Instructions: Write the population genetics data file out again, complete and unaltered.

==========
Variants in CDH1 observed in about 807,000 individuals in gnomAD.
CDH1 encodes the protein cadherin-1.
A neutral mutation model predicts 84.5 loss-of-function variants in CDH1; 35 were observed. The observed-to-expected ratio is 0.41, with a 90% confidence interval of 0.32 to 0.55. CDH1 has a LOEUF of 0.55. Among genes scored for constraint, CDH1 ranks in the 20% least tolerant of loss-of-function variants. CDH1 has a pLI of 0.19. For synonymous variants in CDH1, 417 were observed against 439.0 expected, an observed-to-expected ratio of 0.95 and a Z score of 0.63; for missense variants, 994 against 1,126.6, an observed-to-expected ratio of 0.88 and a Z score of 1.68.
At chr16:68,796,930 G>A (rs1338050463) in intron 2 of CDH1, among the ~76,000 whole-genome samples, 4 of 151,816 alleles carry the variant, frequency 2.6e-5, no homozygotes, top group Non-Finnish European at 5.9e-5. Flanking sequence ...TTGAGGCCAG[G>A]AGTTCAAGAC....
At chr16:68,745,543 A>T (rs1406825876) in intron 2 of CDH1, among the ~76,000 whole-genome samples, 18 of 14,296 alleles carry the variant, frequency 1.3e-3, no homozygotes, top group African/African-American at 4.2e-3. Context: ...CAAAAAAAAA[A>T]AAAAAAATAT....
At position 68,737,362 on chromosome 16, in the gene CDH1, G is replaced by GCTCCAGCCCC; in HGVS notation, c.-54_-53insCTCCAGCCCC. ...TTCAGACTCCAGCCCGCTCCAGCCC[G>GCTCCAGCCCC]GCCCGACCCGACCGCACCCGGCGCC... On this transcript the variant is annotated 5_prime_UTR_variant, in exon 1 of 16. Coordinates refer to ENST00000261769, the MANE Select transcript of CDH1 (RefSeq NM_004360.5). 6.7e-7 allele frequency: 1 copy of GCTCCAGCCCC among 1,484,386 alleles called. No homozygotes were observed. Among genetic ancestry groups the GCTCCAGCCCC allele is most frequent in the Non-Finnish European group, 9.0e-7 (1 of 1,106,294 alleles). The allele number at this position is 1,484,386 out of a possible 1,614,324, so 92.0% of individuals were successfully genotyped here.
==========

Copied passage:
Variants in CDH1 observed in about 807,000 individuals in gnomAD.
CDH1 encodes the protein cadherin-1.
A neutral mutation model predicts 84.5 loss-of-function variants in CDH1; 35 were observed. The observed-to-expected ratio is 0.41, with a 90% confidence interval of 0.32 to 0.55. CDH1 has a LOEUF of 0.55. Among genes scored for constraint, CDH1 ranks in the 20% least tolerant of loss-of-function variants. CDH1 has a pLI of 0.19. For synonymous variants in CDH1, 417 were observed against 439.0 expected, an observed-to-expected ratio of 0.95 and a Z score of 0.63; for missense variants, 994 against 1,126.6, an observed-to-expected ratio of 0.88 and a Z score of 1.68.
At chr16:68,796,930 G>A (rs1338050463) in intron 2 of CDH1, among the ~76,000 whole-genome samples, 4 of 151,816 alleles carry the variant, frequency 2.6e-5, no homozygotes, top group Non-Finnish European at 5.9e-5. Flanking sequence ...TTGAGGCCAG[G>A]AGTTCAAGAC....
At chr16:68,745,543 A>T (rs1406825876) in intron 2 of CDH1, among the ~76,000 whole-genome samples, 18 of 14,296 alleles carry the variant, frequency 1.3e-3, no homozygotes, top group African/African-American at 4.2e-3. Context: ...CAAAAAAAAA[A>T]AAAAAAATAT....
At position 68,737,362 on chromosome 16, in the gene CDH1, G is replaced by GCTCCAGCCCC; in HGVS notation, c.-54_-53insCTCCAGCCCC. ...TTCAGACTCCAGCCCGCTCCAGCCC[G>GCTCCAGCCCC]GCCCGACCCGACCGCACCCGGCGCC... On this transcript the variant is annotated 5_prime_UTR_variant, in exon 1 of 16. Coordinates refer to ENST00000261769, the MANE Select transcript of CDH1 (RefSeq NM_004360.5). 6.7e-7 allele frequency: 1 copy of GCTCCAGCCCC among 1,484,386 alleles called. No homozygotes were observed. Among genetic ancestry groups the GCTCCAGCCCC allele is most frequent in the Non-Finnish European group, 9.0e-7 (1 of 1,106,294 alleles). The allele number at this position is 1,484,386 out of a possible 1,614,324, so 92.0% of individuals were successfully genotyped here.